Friday, April 17, 2009

A Cool History of Recorded Music

from Gizmodo

Enjoy. Click on the picture for the full view.

Big Day For Twitter

Oprah has signed on.

Just today Ms. Winfrey signed up and tweeted 6 times during here show.

Now that Oprah, Ashton, and Larry King on board....and me of course...all they need now is a revenue model.

Seriously, Webnewser had this:

Yes, it's happened. This morning Oprah Winfrey joined Twitter (@Oprah) during her show. Her first Tweet: "ASHTON IS NEXT!" was very anti-climactic. Instead of hitting Update, Nate Berkus hit Refresh. So it went to Twitter purgatory. Her first successful Tweet:


Oprah sent six successful updates during the show (9amCT) and none since. She'd already had about 75,000 followers at the beginning of the show. As of 4:30pmET (when Oprah airs in New York), she has 144,000 followers. Many social net-watchers think now that Oprah Winfrey is on Twitter, the platform has officially gone mainstream.

But, is that a good thing or a bad thing?

What A Week!

No shortage of news...
  • Clear Channel managers learn about a new batch of available "programming options" from San Antonio
  • Ascertainment is back...hey let's find out if we are serving our communities--good idea
  • Less wasn't more--PSA's are back
  • Edison Research and Arbitron release a new study that shows young radio listeners are listening less
  • Portable digital media devices are STILL growing and fast
  • 42 million Americans are listening to radio on-line--and lots more competition from non-traditional radio providers like Pandora
  • A heritage AM station in NE PA goes dark...maybe for good
...and on and on and on

Not a great week the for biz really--repackaged initiatives, discouraging research, and short-sighted operators doing more of what they do every week. Certainly, there are positive nuggets mixed in, but for the most part it's pretty cloudy out there. Innovation is practically a dirty word in the hallways of many companies these days.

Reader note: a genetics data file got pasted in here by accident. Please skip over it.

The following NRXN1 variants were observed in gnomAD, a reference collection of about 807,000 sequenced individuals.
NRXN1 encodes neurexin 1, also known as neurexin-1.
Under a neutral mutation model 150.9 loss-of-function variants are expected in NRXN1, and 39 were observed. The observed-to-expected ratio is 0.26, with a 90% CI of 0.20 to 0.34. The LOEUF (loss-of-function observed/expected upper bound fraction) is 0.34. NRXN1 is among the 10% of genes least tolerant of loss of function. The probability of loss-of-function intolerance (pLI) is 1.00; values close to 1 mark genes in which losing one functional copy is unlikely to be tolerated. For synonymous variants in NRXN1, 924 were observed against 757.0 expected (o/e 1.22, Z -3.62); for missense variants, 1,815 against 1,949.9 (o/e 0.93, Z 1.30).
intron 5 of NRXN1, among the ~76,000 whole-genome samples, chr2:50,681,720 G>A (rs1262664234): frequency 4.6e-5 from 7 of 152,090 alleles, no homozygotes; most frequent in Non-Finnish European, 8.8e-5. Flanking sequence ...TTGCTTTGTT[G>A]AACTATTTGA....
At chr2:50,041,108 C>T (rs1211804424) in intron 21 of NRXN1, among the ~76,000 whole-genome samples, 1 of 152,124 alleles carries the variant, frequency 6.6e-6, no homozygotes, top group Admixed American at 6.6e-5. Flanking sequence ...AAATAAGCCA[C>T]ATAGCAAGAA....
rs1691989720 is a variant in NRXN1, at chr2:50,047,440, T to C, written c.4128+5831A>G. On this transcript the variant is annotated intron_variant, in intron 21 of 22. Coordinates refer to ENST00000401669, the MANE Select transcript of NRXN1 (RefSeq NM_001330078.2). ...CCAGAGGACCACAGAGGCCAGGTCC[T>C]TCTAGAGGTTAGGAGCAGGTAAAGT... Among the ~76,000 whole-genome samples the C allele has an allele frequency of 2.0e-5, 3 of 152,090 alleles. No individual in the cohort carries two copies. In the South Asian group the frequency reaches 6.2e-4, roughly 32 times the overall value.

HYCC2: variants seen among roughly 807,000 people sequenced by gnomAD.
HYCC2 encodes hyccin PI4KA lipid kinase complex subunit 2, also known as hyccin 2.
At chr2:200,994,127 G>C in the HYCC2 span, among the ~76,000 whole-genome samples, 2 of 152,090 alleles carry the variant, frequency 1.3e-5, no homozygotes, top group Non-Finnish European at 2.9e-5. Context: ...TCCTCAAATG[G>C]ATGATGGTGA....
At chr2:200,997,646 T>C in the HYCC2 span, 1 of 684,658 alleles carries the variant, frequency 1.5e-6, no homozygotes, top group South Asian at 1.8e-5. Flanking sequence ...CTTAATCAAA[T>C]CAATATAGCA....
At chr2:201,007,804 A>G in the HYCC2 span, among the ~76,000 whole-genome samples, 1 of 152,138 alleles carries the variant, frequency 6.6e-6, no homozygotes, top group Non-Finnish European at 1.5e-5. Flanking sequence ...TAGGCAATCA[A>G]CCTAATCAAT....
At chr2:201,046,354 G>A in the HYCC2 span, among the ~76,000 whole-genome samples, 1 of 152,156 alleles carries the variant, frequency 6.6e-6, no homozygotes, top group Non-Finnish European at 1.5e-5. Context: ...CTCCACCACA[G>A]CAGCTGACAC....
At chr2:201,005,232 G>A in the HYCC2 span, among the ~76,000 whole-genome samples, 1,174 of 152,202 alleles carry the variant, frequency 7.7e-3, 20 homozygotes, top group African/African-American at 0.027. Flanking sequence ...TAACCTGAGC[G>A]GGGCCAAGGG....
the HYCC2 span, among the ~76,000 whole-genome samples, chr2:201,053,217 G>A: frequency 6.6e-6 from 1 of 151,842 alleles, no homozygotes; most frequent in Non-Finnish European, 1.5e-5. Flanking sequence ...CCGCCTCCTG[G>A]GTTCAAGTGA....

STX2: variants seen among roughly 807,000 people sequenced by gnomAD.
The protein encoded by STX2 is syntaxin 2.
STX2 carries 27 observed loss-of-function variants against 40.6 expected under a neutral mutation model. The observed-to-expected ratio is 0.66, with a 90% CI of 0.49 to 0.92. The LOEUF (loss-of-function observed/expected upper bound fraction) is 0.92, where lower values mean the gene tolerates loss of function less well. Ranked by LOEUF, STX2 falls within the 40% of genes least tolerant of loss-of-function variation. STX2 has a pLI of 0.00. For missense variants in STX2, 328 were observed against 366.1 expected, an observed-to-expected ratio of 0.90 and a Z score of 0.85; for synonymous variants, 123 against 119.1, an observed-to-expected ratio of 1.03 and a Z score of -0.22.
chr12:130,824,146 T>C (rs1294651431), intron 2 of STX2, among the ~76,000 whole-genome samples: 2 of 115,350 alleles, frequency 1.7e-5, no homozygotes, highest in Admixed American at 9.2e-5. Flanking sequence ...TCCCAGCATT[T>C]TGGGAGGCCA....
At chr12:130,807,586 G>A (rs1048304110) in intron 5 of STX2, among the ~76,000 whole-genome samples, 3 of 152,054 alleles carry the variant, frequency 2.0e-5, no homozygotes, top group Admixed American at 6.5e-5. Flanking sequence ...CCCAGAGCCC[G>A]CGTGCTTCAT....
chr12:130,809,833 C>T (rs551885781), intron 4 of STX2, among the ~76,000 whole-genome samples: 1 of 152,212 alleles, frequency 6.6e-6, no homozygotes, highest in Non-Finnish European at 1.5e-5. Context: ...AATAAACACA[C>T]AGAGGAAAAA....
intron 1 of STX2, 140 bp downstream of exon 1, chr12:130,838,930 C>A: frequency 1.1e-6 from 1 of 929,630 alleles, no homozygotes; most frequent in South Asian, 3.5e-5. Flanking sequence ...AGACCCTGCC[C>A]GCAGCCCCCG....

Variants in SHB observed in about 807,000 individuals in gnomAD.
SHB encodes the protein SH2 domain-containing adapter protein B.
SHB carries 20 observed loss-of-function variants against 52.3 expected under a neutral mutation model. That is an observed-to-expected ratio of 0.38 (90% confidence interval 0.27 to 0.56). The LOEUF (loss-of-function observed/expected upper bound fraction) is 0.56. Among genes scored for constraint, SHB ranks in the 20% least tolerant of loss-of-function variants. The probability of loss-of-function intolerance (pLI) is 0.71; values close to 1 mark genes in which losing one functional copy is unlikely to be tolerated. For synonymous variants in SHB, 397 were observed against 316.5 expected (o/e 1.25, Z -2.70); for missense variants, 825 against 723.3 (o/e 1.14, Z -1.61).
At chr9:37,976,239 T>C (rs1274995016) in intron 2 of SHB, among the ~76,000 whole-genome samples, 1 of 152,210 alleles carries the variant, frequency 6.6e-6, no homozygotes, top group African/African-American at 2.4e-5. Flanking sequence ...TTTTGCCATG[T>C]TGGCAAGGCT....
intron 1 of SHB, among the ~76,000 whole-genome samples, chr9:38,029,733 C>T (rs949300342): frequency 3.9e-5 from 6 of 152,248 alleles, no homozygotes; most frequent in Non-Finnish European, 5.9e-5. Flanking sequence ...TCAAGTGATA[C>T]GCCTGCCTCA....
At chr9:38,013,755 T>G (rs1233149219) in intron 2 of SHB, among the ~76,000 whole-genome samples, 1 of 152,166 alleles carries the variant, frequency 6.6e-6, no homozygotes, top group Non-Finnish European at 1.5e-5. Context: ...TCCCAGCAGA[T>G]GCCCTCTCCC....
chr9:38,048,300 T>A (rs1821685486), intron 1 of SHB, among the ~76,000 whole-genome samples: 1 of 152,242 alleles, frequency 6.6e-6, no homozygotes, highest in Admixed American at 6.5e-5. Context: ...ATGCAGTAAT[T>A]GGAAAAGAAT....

I feel compelled to repeat myself a little today:
  • Non-stop music machines are not the answer to excite listeners--in the long term even with PPM (long term? yeah, I know)
  • Playing 30 and 40 year old classic rock on stations hoping to attract a passionate following of 25-34's is a losing strategy
  • Ryan Seacrest can only be on the air for some many hours in any given day
  • Why can Top 40 stations play mostly currents and recurrents for women, but most believe that strategy can't work for a "guy" station? (It can, and I am doing it successfully)
  • Talk radio is not about political parties, but entertainment...period. (and no, Limbaugh is NOT the leader of the Republican party...good rhetoric though)
  • Sometime soon we need to commit to attracting some young new voices to our ranks and encourage them to talk to their peers in ways that 50 year old's can't.
  • Commercials are a necessity, how about reinvesting in the process of writing and producing better copy and audio?
I'm sure you have a few of you own. Feel free to contribute.

It's a lot easier when we all assume the position of "get along and go along" but that is not what our industry needs right now. We need a revolution of sorts. Evolution ain't gonna cut in anymore. This type of action won't come from cashflow positive stations since no one will risk that type of upheaval--understood. So we wait. We wait for grim reaper of failure to cast its ugliness upon us, and then...